Archive for Love Never Dies
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That’s right, it’s time for another massive news roundup. There’s a lot to catch up on, so without any further ado, here we go…
The Broadway premiere of Andrew Lloyd Webber’s Love Never Dies will open at the Neil Simon Theater in the spring of 2011 due to some health complications of ALW’s part. The show, which was to open on Broadway in November of 2011, has been playing to somewhat mixed reviews on the West End. The big buzz about the delay is in regards to Jack O’Brien (director) and Jerry Mitchell (choreographer) because…
Catch Me If You Can is officially opening on Broadway in the spring of 2011! Producers Hal Luftig and Margo Lion have confirmed that rehearsals for the show that premiered at Seattle’s 5th Avenue will begin in January. A theatre and the exact dates of production have not yet been announced, but O’Brien and Mitchell are on board, and it is assumed that the big names associated with the production (Aaron Tveit, Tom Wopat, Norbert Leo Butz) will be headliners.
Another exciting transfer is that of Yank!, the Off-Broadway hit that just closed at the York Theater Company. Producers Pamela Koslow and Karl Held have announced plans to bring the ‘don’t ask, don’t tell’ G.I. musical to the Great White Way during the 2010-11 season. No news as to whether Bobby Steggert and Ivan Hernandez will repeat the roles they originated on Broadway.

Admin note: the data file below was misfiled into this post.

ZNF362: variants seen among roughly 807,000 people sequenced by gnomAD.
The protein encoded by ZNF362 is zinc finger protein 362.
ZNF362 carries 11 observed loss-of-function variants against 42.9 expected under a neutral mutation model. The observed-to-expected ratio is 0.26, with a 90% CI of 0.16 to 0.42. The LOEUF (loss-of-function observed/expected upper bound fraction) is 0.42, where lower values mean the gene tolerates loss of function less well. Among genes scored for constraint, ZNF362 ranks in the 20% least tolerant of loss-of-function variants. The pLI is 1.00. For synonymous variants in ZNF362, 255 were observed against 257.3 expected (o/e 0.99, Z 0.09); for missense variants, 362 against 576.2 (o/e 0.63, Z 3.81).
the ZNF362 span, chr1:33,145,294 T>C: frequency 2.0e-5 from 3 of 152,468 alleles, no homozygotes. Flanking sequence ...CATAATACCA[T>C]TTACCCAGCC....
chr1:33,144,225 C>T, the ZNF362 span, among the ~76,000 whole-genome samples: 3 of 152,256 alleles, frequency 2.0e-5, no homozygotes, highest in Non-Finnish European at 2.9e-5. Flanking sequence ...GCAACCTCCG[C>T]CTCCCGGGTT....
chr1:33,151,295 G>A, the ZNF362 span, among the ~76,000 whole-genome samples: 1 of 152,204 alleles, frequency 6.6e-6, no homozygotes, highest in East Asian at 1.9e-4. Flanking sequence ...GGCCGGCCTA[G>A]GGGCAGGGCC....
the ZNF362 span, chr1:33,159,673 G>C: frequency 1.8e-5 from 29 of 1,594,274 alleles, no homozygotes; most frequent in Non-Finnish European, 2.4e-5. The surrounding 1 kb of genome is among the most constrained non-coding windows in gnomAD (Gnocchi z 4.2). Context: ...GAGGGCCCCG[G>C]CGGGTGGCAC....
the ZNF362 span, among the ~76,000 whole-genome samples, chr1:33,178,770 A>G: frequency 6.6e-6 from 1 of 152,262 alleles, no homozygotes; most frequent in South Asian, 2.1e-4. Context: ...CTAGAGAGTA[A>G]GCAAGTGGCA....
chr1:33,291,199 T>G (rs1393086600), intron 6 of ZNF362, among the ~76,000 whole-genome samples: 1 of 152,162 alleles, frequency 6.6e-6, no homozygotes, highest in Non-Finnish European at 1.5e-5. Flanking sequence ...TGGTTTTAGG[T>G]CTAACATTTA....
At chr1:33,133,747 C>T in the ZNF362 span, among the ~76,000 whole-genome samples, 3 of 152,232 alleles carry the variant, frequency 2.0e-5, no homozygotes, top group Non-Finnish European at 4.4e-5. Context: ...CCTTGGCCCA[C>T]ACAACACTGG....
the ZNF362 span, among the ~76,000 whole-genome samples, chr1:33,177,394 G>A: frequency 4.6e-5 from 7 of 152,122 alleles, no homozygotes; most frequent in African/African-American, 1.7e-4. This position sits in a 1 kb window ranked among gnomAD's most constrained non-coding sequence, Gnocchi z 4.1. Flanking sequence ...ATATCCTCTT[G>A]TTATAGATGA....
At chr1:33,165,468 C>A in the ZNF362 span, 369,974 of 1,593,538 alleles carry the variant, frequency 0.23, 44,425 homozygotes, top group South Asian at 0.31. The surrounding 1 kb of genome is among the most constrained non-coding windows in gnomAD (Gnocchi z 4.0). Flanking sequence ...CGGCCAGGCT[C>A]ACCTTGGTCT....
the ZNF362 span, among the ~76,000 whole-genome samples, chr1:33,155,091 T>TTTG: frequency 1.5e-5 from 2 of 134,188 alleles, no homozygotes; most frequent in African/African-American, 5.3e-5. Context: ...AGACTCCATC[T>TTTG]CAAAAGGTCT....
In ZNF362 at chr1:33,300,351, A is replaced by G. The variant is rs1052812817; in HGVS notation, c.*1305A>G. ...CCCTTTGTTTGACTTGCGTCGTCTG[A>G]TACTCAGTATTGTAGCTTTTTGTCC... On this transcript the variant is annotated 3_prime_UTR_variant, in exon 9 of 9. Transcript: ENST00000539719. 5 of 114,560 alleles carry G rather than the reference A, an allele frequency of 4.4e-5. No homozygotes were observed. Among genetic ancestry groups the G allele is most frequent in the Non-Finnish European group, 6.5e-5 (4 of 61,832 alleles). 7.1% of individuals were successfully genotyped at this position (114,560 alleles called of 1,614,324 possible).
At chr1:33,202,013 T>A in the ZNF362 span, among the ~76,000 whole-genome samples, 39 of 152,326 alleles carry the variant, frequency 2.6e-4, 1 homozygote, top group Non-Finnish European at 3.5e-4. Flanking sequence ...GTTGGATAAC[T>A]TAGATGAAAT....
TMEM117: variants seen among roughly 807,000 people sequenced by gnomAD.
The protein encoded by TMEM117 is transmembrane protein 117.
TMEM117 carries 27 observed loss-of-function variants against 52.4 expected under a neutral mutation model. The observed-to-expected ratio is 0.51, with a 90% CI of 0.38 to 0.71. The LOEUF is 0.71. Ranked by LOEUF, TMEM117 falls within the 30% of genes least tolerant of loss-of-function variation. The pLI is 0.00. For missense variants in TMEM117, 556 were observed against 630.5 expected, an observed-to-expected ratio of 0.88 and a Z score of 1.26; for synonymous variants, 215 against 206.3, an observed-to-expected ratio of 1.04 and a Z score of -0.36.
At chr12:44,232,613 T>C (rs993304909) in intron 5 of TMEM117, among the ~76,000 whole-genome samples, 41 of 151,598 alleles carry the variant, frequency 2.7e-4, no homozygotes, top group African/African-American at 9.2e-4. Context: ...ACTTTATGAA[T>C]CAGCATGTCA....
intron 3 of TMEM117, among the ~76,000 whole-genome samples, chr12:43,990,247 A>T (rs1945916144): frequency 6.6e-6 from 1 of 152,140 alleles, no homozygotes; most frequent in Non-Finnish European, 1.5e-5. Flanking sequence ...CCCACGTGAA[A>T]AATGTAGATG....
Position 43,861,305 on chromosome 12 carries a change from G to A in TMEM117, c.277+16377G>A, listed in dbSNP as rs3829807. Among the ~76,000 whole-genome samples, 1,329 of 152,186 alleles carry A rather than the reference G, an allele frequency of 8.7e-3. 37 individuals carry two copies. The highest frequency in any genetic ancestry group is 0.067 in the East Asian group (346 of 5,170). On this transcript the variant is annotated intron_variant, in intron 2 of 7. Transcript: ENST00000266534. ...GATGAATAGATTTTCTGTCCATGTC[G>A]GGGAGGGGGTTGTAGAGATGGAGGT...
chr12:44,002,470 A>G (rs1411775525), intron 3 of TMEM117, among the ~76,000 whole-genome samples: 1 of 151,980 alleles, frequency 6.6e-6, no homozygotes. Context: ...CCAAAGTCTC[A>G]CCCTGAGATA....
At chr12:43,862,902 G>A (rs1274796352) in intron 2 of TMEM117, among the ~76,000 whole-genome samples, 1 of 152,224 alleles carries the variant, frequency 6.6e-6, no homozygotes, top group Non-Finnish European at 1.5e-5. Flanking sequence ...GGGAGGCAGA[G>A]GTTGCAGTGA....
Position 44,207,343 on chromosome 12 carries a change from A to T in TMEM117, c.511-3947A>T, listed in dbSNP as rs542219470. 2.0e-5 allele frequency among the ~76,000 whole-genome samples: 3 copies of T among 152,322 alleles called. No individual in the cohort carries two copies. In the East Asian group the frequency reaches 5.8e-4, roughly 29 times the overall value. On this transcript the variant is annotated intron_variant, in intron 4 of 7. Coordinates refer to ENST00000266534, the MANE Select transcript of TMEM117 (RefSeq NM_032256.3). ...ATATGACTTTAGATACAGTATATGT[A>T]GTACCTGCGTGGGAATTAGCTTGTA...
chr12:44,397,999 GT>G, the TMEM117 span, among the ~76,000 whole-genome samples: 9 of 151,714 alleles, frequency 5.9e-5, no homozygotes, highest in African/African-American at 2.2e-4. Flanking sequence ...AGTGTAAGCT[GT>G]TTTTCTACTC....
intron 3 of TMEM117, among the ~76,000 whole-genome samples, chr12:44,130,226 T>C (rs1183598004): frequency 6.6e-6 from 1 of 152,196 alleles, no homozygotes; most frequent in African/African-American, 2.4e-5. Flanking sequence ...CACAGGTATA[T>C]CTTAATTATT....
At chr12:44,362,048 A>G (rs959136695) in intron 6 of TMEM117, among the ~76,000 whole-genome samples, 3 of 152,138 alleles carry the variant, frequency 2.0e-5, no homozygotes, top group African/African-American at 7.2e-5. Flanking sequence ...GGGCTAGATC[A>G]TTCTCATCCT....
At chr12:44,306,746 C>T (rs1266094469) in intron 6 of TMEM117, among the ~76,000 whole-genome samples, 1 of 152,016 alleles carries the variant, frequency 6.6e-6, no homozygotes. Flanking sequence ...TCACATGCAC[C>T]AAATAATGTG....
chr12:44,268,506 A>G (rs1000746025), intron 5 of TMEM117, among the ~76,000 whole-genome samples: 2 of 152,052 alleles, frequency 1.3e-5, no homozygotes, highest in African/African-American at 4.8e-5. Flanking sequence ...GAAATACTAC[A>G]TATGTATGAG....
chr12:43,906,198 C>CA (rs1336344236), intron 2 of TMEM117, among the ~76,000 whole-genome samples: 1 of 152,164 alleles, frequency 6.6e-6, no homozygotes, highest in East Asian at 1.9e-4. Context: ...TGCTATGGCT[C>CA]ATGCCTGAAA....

Another Off-Broadway hit, Sherie Rene Scott’s Everyday Rapture is headed to Broadway thanks to Megan Mullally’s sudden and late departure from Lips Together, Teeth Apart. Everyday Rapture will open on April 29, 2010, so it will be in the running for this year’s Tony Awards.
The other sudden departure was that of the show All About Me, which, after being panned harshly by critics, ended its Broadway run after only 20 performances. That, ladies and gentlemen, is what we call a flop.
But enough depressing news…here’s some happy news:
- Next to Normal officially recouped its investment!
- Henry Miller’s Theatre was renamed in Stephen Sondheim’s honor!
- John Cameron Mitchell’s Hedwig and the Angry Inch may be headed to Broadway in the fall!
And yes, it’s not technically Broadway, but since so many Off-Broadway shows are transferring these days, I thought it worth mentioning that Bloody Bloddy Andrew Jackson, a new musical about the guy you talked about in history class is generating nothing but great buzz. If you want to see it while the price is right, get over to the Public Theatre ASAP.
New Musicals and Transfers
The Michael Grandage-directed production of Evita, which opened at London’s Adelphi Theatre in June 2006 is officially heading to Broadway next year. Elena Roger, who starred in the West End production, will repeat her performance in the Broadway remount. Rumor has it that Ricky Martin is in talks to play Che, though this has not been confirmed.
Disney was apparently in talks with Billy Elliot‘s Stephen Daldry to direct a stage adaptation of Dumbo. Though he turned down the job, they’re still on the hunt for a new director for the musical. We can only hope Dumbo will fare better than some of Disney’s recent attempts to adapt their animated films for the stage (ie. The Little Mermaid, Tarzan). No names have yet been attached to this project.
A new jukebox musical called Unchain My Heart will be heading to Broadway on Nov. 7 this year. Featuring the music of Ray Charles and a book by Suzan-Lori Parks, casting for the production has not yet been announced.